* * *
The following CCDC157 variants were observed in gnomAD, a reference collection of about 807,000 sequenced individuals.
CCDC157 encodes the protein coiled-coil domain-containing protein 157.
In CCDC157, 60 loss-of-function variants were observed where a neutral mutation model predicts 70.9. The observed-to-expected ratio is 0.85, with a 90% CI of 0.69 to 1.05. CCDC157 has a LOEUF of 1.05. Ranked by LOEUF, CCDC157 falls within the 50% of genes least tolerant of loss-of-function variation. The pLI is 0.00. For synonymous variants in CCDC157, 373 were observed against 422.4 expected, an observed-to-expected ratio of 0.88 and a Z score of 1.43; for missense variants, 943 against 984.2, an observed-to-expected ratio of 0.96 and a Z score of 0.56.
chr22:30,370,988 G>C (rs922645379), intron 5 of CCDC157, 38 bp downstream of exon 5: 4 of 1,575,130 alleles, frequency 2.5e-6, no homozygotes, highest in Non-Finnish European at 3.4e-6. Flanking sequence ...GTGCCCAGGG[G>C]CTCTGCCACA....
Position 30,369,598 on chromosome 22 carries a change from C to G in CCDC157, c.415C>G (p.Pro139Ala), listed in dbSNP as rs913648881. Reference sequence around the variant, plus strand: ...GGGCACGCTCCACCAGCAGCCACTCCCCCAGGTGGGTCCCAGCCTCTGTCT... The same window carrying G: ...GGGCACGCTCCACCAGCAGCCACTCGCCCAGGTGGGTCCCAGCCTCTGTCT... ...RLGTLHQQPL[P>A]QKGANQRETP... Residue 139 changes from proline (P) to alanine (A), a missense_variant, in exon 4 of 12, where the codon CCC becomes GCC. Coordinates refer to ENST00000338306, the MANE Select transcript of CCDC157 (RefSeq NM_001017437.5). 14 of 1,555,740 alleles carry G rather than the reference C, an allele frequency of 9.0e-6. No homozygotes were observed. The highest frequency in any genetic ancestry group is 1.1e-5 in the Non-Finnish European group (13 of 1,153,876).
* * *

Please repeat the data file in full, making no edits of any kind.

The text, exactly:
The following CCDC157 variants were observed in gnomAD, a reference collection of about 807,000 sequenced individuals.
CCDC157 encodes the protein coiled-coil domain-containing protein 157.
In CCDC157, 60 loss-of-function variants were observed where a neutral mutation model predicts 70.9. The observed-to-expected ratio is 0.85, with a 90% CI of 0.69 to 1.05. CCDC157 has a LOEUF of 1.05. Ranked by LOEUF, CCDC157 falls within the 50% of genes least tolerant of loss-of-function variation. The pLI is 0.00. For synonymous variants in CCDC157, 373 were observed against 422.4 expected, an observed-to-expected ratio of 0.88 and a Z score of 1.43; for missense variants, 943 against 984.2, an observed-to-expected ratio of 0.96 and a Z score of 0.56.
chr22:30,370,988 G>C (rs922645379), intron 5 of CCDC157, 38 bp downstream of exon 5: 4 of 1,575,130 alleles, frequency 2.5e-6, no homozygotes, highest in Non-Finnish European at 3.4e-6. Flanking sequence ...GTGCCCAGGG[G>C]CTCTGCCACA....
Position 30,369,598 on chromosome 22 carries a change from C to G in CCDC157, c.415C>G (p.Pro139Ala), listed in dbSNP as rs913648881. Reference sequence around the variant, plus strand: ...GGGCACGCTCCACCAGCAGCCACTCCCCCAGGTGGGTCCCAGCCTCTGTCT... The same window carrying G: ...GGGCACGCTCCACCAGCAGCCACTCGCCCAGGTGGGTCCCAGCCTCTGTCT... ...RLGTLHQQPL[P>A]QKGANQRETP... Residue 139 changes from proline (P) to alanine (A), a missense_variant, in exon 4 of 12, where the codon CCC becomes GCC. Coordinates refer to ENST00000338306, the MANE Select transcript of CCDC157 (RefSeq NM_001017437.5). 14 of 1,555,740 alleles carry G rather than the reference C, an allele frequency of 9.0e-6. No homozygotes were observed. The highest frequency in any genetic ancestry group is 1.1e-5 in the Non-Finnish European group (13 of 1,153,876).